Polska / dolnośląskie
|Synagogues, prayer houses and others||Cemeteries||Sites of martyrdom||Judaica in museums||Andere|
|Province:||dolnośląskie / inne (before 1939)|
|County:||głogowski / Glogau (before 1939)|
|Community:||Głogów / Glogau (before 1939)|
|Other names:||Glogau [j.niemiecki]; גלוגוב [j. hebrajski]; גלוגא [j. jidysz]|
Głogów is the seat of a county situated in Lower Silesia Province. It is located in the Głogowska Proglacial Valley on the Dałkowskie Hills, on the Odra River.
Głogów is situated about 34 miles north-east of Zielona Góra (Grünberg.) The first Jewish settlers came here in the 1750s. They were mainly merchants and tradesmen, who took advantage of its location along important trade routes to Poland and Russia. In 1299 Henry III, duke of the Duchy of Silesia, granted Jewish locals first privileges allowing them to live in town and giving them the same rights as Christian merchants at that time. Religious, economic and legal matters were governed by 34 paragraphs that concerned rights and obligations of the citizens.
In 1406 one Jew from Głogów was accused of ritual murder and desecration of the Host. He stood trial whereas Jewish settlers were temporarily expelled from the town. The Jews finally came back but the relationship between them and other town dwellers were not necessarily friendly. In the 15th century the Jewish district was attacked and burnt down twice by a hostile mob. Never again did the situation improve, hostility was still present and ongoing disputes often ended in expulsion of Jewish settlers from the town. In 1598 Benedikt Israel, a wealthy Jewish merchant, was granted by emperor Rudolf II a privilege that gave his family and him rights to settle down and freely trade in Głogów, which was the time of prosperity of Jewish community there. In the beginning, its members lived only within the district but, over time, they began to live in the territory of the entire town. The community saw to it that every successor of the emperor confirmed the privilege granted to Benedikt Israel, which was met with enthusiasm as the emperors hoped for benefits from the economic and financial power of the Jewish population. In early 17th century, in ca. 1600, there were solely 70 Jews living in Głogów. Little more than 100 years later, in 1725, the community grew much larger and consisted of 1,550 members. Its population remained the same till the 1850s. In 1756 there were 1,644 members living in the Jewish community, in 1791 its populace reached 1,800. Jews constituted as much as 25% of all the Jews in Silesia (Schlesien), and the community had the highest number of members in its entire history. In the early 19th century there were 1,500 Jews living in Głogów, but their percentage share in the entire town’s population was much smaller, i.e. 15%. The Jewish community was inhabit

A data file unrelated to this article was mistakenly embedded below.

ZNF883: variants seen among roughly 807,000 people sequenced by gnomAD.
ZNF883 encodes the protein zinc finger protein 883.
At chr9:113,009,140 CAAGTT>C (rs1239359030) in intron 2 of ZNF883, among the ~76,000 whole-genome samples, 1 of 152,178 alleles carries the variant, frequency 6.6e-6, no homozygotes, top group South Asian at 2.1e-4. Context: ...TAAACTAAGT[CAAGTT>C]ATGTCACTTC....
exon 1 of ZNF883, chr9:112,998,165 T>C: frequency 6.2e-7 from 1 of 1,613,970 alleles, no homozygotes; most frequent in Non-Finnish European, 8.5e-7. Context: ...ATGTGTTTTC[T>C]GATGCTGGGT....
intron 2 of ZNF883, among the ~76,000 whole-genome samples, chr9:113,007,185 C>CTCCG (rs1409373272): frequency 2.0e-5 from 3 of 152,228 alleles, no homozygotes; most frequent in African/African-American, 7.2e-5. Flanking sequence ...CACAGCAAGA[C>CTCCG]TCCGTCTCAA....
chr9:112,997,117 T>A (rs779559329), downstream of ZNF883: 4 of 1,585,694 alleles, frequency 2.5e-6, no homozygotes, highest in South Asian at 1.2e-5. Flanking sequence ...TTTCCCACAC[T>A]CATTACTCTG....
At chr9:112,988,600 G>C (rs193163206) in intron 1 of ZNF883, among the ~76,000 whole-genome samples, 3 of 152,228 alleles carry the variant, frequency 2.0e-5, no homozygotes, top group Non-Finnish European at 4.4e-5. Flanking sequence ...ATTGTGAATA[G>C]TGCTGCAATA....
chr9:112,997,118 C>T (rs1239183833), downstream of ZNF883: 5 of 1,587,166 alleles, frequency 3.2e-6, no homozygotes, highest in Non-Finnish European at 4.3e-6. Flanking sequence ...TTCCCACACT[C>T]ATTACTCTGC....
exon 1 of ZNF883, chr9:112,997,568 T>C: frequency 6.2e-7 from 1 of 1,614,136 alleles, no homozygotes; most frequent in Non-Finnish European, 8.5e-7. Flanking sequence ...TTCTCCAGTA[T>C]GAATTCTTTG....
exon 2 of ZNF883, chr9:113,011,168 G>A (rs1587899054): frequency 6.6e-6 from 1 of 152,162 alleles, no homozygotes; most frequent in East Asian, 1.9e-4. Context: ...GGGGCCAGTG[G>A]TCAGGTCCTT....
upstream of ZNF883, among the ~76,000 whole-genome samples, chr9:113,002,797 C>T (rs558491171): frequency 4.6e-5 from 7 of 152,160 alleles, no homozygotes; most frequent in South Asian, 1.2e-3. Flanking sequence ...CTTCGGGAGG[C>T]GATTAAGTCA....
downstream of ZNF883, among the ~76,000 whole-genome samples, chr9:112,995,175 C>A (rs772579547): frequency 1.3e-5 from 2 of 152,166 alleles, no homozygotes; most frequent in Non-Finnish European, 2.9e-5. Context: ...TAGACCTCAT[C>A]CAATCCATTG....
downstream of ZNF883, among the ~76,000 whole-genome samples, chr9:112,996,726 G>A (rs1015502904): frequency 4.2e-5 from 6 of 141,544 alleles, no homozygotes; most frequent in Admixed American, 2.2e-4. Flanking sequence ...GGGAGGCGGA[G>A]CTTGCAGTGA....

The Glogoua stronghold on Wyspa Tumska (Tumska Island) existed already in the 9th c. It was a central settlement of the Dziadoszanie tribe, which later became part of the Polans’ state (Poland). In 1010, the stronghold was ravaged, while in 1017 – besieged by the German army. However, it was the later Defence of Głogów of 1109 that won more recognition. In 1157, Germans captured and burnt down the stronghold.
From 1251, it was the seat of the Duchy of Głogów. In 1253, it was granted the town charter based on the Magdeburg rights. From 1331, just as the whole Silesia, it became fief of the Czech state. Towards the end of the 16th c., it became an important centre of Protestantism. In the mid-17th c., the town was transformed into a fortress, which hampered its economic development. The fortress was captured by enemy forces a number of times. From 1740, Głogów was part of Prussia. In 1902, the town’s fortifications were pulled down. Under German rule the town’s name was Glogau.
During WWII, in late 1944, Germans transformed the town into a fortress. In the early 1945, 90% of buildings were destroyed as a result of intensive fights for the city.